As Baptists and as Christians we don’t really seem to give a rat’s behind about the hurt that we’re causing LGBTQ people. Our position is what it is, it’s based on biblical “truth,” and if it causes harm oh well, that’s not our problem. Seriously, most of the people I have reached out to on this subject over the last few months refused to even entertain any position that would value these people as they are and for who they are. So in today’s post I want to try something a little different. If we don’t care about the hurt that we’re causing others, maybe we’ll care about the hurt we’re causing ourselves over this.
Since Trump was elected we have pursued a number of different pieces of religious liberty legislation. The idea is that we’ll protect ourselves by making it illegal to discriminate against Christians in this country. (We say we’re protecting people who hold religious beliefs, but the way these things are worded suggests we really only have one religion in mind.) Texas, Mississippi, and Tennessee are three of the states where we’ve succeeded in this effort to one degree or another. What we may not realise is that with these so-called victories we have provided a legal precedent for denying the rights of one group in order to protect the rights of another.
Here’s what I really don’t get. That precedent will come back to haunt us in the future, and we don’t see it coming. We act as though the current political climate in this country will continue forever. Either that, or by the time it does change that religious liberty protections will be so entrenched in the law of this country that they’ll be untouchable. Neither one of those assumptions is valid. There will be another Democrat president, if not in 4 years then in all likelihood in 8. And given the new found presidential love of executive orders, nothing is set in stone anymore. How hard will it be, given the precedent we’ve provided, to argue that in order to protect the rights of LGBTQ people the rights of Christians must be limited or denied?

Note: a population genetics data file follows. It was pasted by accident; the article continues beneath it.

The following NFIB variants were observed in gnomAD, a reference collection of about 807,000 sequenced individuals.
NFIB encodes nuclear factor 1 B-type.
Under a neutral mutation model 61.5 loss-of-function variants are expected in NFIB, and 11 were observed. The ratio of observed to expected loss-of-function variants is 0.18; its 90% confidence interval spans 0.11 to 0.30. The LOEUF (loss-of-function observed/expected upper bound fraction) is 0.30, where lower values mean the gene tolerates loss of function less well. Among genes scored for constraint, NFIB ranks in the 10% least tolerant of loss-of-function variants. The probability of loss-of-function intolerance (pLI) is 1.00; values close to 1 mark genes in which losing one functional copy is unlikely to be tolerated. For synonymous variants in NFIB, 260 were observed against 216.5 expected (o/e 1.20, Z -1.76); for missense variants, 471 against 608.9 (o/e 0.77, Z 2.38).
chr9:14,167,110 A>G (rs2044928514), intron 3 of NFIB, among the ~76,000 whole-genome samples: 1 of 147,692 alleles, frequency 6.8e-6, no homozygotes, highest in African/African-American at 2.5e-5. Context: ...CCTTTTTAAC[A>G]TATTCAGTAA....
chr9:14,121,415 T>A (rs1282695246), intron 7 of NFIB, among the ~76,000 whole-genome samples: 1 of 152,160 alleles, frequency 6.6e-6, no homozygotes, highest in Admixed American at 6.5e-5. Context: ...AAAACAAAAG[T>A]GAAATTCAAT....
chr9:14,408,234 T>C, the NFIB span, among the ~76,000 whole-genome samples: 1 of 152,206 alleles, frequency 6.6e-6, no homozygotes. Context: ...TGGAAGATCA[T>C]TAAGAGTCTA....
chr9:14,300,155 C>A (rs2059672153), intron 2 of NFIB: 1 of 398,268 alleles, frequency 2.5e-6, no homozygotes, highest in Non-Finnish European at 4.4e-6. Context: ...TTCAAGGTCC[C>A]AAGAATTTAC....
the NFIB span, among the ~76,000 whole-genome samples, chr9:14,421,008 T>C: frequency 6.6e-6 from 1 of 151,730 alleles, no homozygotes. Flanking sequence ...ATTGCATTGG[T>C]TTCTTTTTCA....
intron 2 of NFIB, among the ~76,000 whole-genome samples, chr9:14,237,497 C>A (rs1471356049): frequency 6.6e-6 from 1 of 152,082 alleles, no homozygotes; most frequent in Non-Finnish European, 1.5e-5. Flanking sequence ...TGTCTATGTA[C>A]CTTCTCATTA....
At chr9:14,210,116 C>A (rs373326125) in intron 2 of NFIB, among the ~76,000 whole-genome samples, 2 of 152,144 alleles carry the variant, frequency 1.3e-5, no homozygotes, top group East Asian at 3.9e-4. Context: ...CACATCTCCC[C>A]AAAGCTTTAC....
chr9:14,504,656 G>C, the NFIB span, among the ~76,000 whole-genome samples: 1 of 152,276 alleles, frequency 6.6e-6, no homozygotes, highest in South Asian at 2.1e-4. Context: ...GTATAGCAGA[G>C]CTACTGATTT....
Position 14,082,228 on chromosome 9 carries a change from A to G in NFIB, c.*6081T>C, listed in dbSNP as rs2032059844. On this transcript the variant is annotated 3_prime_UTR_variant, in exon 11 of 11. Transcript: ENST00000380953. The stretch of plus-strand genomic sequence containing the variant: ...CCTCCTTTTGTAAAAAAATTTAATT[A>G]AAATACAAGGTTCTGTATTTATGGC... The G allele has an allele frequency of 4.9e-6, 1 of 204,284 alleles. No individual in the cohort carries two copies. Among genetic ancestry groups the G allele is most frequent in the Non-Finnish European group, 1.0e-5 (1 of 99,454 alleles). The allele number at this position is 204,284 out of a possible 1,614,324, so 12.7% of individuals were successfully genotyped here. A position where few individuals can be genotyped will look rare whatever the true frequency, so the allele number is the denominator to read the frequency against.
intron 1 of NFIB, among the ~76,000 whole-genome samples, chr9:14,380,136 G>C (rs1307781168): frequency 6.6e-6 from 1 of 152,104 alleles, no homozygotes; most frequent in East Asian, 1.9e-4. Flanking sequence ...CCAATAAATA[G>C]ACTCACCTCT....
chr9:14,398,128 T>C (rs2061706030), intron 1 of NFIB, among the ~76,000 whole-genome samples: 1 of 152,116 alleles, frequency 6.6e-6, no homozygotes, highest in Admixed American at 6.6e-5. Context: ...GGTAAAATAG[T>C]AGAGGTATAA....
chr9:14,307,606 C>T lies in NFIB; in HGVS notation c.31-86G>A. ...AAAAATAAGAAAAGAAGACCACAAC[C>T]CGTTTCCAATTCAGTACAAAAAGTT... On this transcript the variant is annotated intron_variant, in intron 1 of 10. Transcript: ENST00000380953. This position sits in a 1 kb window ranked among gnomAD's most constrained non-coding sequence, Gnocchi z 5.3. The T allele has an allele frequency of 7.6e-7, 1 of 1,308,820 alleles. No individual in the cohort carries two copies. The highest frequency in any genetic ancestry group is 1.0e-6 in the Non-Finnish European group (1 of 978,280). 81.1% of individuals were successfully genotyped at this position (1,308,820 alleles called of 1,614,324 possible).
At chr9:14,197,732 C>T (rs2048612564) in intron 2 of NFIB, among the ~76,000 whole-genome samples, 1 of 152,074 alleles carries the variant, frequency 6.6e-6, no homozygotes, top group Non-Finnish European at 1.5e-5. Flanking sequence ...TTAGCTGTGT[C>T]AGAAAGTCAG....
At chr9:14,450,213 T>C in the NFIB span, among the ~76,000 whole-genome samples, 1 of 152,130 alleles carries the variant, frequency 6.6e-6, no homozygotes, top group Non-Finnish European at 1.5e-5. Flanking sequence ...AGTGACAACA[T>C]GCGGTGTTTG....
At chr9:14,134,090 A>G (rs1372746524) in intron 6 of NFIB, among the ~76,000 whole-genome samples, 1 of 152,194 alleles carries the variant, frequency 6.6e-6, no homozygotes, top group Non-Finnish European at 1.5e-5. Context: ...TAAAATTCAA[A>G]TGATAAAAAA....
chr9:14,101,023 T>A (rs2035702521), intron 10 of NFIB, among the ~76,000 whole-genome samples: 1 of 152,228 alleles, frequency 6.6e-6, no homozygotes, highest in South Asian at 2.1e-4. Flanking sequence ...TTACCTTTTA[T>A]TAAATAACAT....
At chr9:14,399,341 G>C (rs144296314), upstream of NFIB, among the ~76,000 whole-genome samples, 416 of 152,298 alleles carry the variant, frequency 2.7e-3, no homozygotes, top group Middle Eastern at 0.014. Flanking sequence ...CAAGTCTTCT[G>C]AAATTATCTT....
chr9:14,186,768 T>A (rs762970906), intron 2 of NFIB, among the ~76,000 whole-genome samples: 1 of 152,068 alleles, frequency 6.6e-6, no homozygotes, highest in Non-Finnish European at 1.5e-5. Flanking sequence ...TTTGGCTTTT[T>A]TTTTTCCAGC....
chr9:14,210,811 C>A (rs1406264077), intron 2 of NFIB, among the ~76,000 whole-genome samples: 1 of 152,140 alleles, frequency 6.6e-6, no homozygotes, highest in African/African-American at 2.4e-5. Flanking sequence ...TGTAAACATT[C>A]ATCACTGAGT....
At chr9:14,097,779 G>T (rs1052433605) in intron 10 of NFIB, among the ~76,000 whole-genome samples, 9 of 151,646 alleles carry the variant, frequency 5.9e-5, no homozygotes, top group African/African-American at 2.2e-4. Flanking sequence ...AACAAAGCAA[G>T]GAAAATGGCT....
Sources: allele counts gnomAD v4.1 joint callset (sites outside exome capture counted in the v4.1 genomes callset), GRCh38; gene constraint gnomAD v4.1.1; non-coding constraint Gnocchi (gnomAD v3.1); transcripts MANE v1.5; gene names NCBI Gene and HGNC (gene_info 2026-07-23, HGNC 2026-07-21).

There will be a backlash, and we don’t see it coming. Think I’m wrong? Look at it this way. One of the most repeated statements I’ve heard conservatives make regarding the transgender community in particular is that it’s all in their head. It has no basis in reality so why should we entertain their beliefs? How hard would that sentiment be to turn around and apply to us as Christians? We follow a man who, if he existed at all, lived and died some two thousand years ago and yet we say we can talk to him whenever we want. How hard would it be to argue that that is all in our heads?
We are setting ourselves up to lose everything we’re so afraid of losing, and it’s all because we’re afraid. We have this place in society (at least as we see it) that we don’t want to lose. We have institutions that we’ve spent decades building up, if not longer, that we don’t want to lose. We have this vision for this country that we don’t want to lose. And that leads me to the underlying cause of all this. We’re afraid because we’ve made this world the goal. We’ve forgotten that we don’t belong here, not really. We’ve forgotten Jesus’ statement in John 17:16, referring to us, that “they are not of the world, just as I am not of the world.” And in John 15:18, “If the world hates you, know that it has hated me before it hated you.”
And so we’ll lose everything we’re working so hard to protect, and we’ll cry persecution when it happens and claim that it’s only happening because we’re not of this world and that’s why they hate us. The truth is we’ll have only ourselves to blame. The sad part is even then we probably won’t see it.